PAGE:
A Yorkshire Director: Meet Dan Hartley

Chicago is lucky to have it’s own Film Festival. Annually we escape and we learn through new movies- ones that are original, moving and unique. Last film festival, I met with director Dan Hartley, who was showing his feature film Lad: A Yorkshire Story, which has won twelve international film festival awards including 4 Gold Remi’s. The movie made me weep, but I’m a softie like that! Meeting Dan was fun to talk to, a kind and softly spoken spirit. But deep down lies an adventures soul with endless ideas and imaginations. Dan was raised in the Yorkshire Dales, England until the age of sixteen when his family migrated to Australia.

When he returned to England, Dan undertook a degree in Law at Newcastle University. He started his career in the film industry as a runner, “I thought it would make a solid foundation for whatever I did next”. Little did he know, he was soon to be handling an enviable role in one of the most successful movies to date. Dan was employed by Warner Bros. as a video co-ordinator on Harry Potter & The Philosopher’s Stone, a position he held through all subsequent films. As a head of department on Harry Potter Dan led a team of video operators providing video playback, set- editing and detailed compositing for Visual FX. As such he has supervised multi-camera days involving upwards of fifteen cameras in elaborate and difficult shooting scenarios. His other credits to date are Clash of the Titans 2, Bourne Ultimatum, Eragon, Maleficent and most recently All You Need is Kill starring Tom Cruise.

A humble character, he’s very articulate, well composed and full of smiles, he’s one of the warmest and coolest persons you’ll meet! We were lucky to chat to him, so here’s a chat with Dan- let’s get inspired!

Hello Dan, welcome to Chicago. Is this your first time out here?
It certainly is my first time to Chicago though I’ve long wanted to visit as I’d heard the architecture was stunning. Even so I was stunned by how beautiful the city was. I’d been advised to take the architecture boat tour and it ranks as one of the best excursions I’ve ever taken. Really informative and I loved how much variety there was. I also managed to take in a number of restaurants though it was a whistle-stop trip so I didn’t get to any of the places I was recommended which was a shame, and I’d have liked to see more of the area outside downtown but that will have to wait for another trip.

What other states have you visited?
On this trip it was Chicago only but Lad has been to a number of festivals this year so I was in Anchorage, Alaska for a week and Houston, Texas for another.

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Growing up, how much of American culture has influenced you?
I grew up in a small farming community in an isolated part of the UK but from the earliest point in time America has loomed large in my imagination and a large part of that is a result of TV and movies. Like many directors of my age, Star Wars was a pivotal film but then we also had a huge amount of TV, such as the Dukes of Hazard, A Team, Cagney and Lacey. It’s a country that I really enjoy visiting and I’ve spent a number of summers in Alaska, Pennsylvania and California. I hope eventually to explore more of the interior, especially the rockies so there’s that to look forward to. It’s certainly an inspirational country and there’s a strong sense that people are do-ers rather than back home where there’s a slightly less optimistic outlook.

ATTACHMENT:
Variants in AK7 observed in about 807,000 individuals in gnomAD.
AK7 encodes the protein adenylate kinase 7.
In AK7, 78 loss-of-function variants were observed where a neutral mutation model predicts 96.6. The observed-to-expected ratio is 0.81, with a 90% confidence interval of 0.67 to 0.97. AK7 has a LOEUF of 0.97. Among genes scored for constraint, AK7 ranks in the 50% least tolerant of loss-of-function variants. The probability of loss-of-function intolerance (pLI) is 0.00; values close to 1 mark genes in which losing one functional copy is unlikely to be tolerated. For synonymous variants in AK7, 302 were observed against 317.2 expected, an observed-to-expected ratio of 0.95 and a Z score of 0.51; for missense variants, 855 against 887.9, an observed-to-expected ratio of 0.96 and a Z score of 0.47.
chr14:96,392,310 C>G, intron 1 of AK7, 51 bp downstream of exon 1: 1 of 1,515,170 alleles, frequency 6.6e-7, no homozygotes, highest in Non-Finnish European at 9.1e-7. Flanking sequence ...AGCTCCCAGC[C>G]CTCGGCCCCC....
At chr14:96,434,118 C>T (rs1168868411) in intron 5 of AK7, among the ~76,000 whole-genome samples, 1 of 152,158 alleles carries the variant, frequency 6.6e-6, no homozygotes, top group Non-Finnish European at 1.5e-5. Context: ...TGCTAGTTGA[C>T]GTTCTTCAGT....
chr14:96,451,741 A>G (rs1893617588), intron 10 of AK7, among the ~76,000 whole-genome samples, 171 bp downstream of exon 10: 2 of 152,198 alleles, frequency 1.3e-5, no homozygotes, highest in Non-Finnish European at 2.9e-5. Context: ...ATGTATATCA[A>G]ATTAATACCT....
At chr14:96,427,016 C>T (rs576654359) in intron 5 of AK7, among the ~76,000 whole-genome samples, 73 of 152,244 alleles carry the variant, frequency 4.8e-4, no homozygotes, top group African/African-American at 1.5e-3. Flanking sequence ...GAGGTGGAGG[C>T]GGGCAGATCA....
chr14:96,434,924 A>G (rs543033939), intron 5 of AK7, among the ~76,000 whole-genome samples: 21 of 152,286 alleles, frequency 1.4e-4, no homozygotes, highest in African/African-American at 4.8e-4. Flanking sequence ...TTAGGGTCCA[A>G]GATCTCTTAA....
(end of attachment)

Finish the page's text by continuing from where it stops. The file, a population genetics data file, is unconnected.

I agree.. that’s why I’m here! What do you like about American culture?
I’ve visited the US far more than any other country and there’s a lot to admire. At its best it has fantastic food, incredible geography and a friendly, welcome atmosphere. What I don’t like is the dominance of corporations and the abuse of democracy through corrupt politics.

Pros and cons to every country.. You seem to enjoy working on projects that involve children/childhood adventures. How does this relate to your personal experiences?
I’m incredibly nostalgic, sentimental and sensitive so all these qualities lend towards making coming-of-age movies and I remember distinctly how much I enjoyed my childhood but how the transition from boy to man was daunting and uncertain. Ultimately I always look for the drama in a situation and so that milieu is a great place to explore. The great thing about working with child actors too is that if you find good cast, then you get so much emotional honesty and that’s very captivating on film. As adults we learn to hide some of our feelings and so often our persona acts to protect us from being hurt, whereas children haven’t necessarily learnt to do that and so in many ways they make the best actors, because they are just being themselves.